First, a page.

Leveraging digital curriculum, particularly digital curriculum with tools like Adaptive Tutorials, supports teachers in differentiating instruction to meet each student’s needs so that they are prepared for grade-level instruction. It also allows students to determine their own pathways of instruction, allowing them to master both remedial and grade-level content at their own pace.

When considering a digital curriculum to support personalization and better prepare middle school students for the rigors of high school coursework, look for solutions with:

  • Prescriptive assessment to identify individual mastery of prerequisite and grade-level skills and concepts. Use prescriptive assessment data to monitor progress and growth and to drive instruction.
  • Adaptive remediation to create personalized learning plans for every student. This plan offers instruction and practice in areas where a student needs support.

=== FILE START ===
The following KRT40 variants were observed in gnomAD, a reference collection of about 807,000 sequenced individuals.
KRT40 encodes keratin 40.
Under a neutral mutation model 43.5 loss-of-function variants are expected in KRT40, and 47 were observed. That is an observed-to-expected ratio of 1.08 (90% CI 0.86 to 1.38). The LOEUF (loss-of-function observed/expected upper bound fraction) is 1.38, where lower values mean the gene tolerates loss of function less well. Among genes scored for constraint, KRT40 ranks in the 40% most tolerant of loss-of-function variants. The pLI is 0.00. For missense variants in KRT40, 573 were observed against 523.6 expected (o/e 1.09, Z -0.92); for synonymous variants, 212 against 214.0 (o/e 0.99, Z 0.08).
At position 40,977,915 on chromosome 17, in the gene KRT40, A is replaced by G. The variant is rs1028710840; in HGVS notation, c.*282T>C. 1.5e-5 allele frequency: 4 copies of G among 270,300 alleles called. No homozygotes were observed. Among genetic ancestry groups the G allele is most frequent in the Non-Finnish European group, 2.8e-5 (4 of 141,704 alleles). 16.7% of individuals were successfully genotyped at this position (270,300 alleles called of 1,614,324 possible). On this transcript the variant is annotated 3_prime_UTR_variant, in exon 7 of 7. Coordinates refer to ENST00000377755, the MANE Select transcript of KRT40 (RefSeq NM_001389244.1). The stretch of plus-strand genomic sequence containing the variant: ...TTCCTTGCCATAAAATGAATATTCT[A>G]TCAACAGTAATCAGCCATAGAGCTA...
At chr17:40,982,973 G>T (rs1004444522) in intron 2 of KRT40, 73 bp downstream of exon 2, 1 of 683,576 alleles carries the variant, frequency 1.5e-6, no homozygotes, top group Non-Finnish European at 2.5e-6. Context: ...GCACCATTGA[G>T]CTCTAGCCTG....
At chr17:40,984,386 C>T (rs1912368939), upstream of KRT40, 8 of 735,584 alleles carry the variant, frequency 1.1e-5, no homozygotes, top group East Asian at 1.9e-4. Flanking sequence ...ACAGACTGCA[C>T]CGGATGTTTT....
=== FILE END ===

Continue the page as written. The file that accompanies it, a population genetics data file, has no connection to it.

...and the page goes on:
• Systems of support to help students succeed and close achievement gaps. Supports and scaffolding might include:
    • Varied methods of instruction so students can learn course content many times and in many ways
    • Active learning models that keep learners engaged with age-appropriate content, and student-controlled navigation that appeals to students’ need for variety, context and control over their learning
    • Contextual learning in the form of real-world examples, scenarios and word problems
    • Built-in tools students can access within instruction, such as vocabulary support and hints to support problem solving
    • Real-time formative feedback that helps students learn from their work or responses to questions
    • Actionable progress and performance data teachers can use to monitor individual students and inform instruction for the whole class, small groups and individual students

 

Apex Learning’s digital curriculum and Adaptive Tutorials can help ensure that middle school students are not only ready for high school, but also prepared for the next exam, the next course and the next steps in college and their careers. We offer Adaptive Tutorials designed specifically for middle school students in grades 6-8 that and are proven to help them master grade-level content before advancing to high school.